Cullman Magazine Winter 2018 - Page 13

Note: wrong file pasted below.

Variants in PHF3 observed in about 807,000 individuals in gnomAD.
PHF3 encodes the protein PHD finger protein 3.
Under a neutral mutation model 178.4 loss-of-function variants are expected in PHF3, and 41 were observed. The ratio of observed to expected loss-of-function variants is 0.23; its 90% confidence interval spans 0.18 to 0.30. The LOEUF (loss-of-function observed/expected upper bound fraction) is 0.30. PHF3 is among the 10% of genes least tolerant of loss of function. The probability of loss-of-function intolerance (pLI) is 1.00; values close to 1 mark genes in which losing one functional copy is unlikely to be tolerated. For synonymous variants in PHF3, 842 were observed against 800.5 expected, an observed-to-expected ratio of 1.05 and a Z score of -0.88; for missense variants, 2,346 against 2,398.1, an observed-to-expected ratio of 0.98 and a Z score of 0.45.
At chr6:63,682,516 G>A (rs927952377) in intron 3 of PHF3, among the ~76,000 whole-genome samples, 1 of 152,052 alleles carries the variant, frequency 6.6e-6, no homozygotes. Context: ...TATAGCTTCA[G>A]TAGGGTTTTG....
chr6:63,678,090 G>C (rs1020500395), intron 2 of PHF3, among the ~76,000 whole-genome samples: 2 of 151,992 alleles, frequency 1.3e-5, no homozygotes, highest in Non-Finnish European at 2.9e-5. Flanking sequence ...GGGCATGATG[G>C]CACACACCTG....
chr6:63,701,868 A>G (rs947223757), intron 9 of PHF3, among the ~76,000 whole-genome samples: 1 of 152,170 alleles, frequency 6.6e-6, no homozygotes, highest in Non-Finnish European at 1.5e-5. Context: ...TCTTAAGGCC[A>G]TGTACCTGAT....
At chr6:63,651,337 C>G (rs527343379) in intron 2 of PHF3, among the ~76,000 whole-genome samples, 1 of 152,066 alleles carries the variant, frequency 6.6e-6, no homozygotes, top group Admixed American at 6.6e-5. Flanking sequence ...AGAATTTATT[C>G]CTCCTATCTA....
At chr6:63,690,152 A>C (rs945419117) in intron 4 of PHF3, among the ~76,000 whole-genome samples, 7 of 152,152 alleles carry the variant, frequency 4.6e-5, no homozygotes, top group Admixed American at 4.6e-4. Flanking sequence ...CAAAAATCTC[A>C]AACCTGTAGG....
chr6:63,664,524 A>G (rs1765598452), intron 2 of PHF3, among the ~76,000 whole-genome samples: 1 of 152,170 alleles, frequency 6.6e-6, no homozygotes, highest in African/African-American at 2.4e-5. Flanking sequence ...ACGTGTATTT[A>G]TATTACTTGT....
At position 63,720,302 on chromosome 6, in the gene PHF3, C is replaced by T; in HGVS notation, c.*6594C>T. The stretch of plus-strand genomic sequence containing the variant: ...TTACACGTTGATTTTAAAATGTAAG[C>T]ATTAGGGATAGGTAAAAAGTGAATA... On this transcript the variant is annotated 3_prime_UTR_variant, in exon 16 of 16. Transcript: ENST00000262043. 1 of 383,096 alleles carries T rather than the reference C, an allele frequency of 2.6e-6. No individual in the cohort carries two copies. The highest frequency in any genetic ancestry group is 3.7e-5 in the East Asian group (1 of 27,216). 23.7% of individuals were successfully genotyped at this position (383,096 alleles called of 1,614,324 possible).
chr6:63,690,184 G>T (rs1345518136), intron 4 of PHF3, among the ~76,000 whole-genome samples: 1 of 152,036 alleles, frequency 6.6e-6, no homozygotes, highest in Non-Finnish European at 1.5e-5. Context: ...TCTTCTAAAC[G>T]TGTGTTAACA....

Cullman Profile Eyes open headed toward the future: Cullman City Council President By BENJAMIN BULLARD D Jenny Folsom espite her famous last name, Jenny Folsom doesn’t consider herself a natural politi- cian.  Even as she enters a new chapter in local gov- ernment, taking over the reins from newly-elected Alabama Sen. Garlan Gudger as president of the Cullman City Council, the three-term council member says she married into politics — but it was never a path the retired educator envisioned for herself. “Oh, my late husband, Jack, would be slapping his knee and hee-hawing if he could see that I’ve got- ten into politics,” she jokes. “I didn’t get that gene. He passed away in 2005, and I was at a place in life where I was getting ready to retire; looking; trying to think of something else I could do. Well, this town raised me, and I had a couple of people mention the city council to me, and so I decided to run.” Folsom did run, and won, in 2008, on her first try. And despite having spent much of her adult life around Folsom family in-laws who moved, with great success, in political circles far beyond Cull- man’s borders, it was still a learning experience. “I did not realize how involved it would be — go to a couple of meetings; cut a couple of ribbons,” she confesses. “But it’s much more involved than that.” Since joining the city council in 2008, Folsom has remained with an elected group of officials whose personnel lineup has changed little over the past ten years. But in that time, Cullman itself has seen a lot of changes. There’ve been lean financial times that led to tough but necessary decisions, and, more recently, better times that have allowed the council to take a more discretionary approach to the city’s future. Cullman magazine | WINTER 2018 13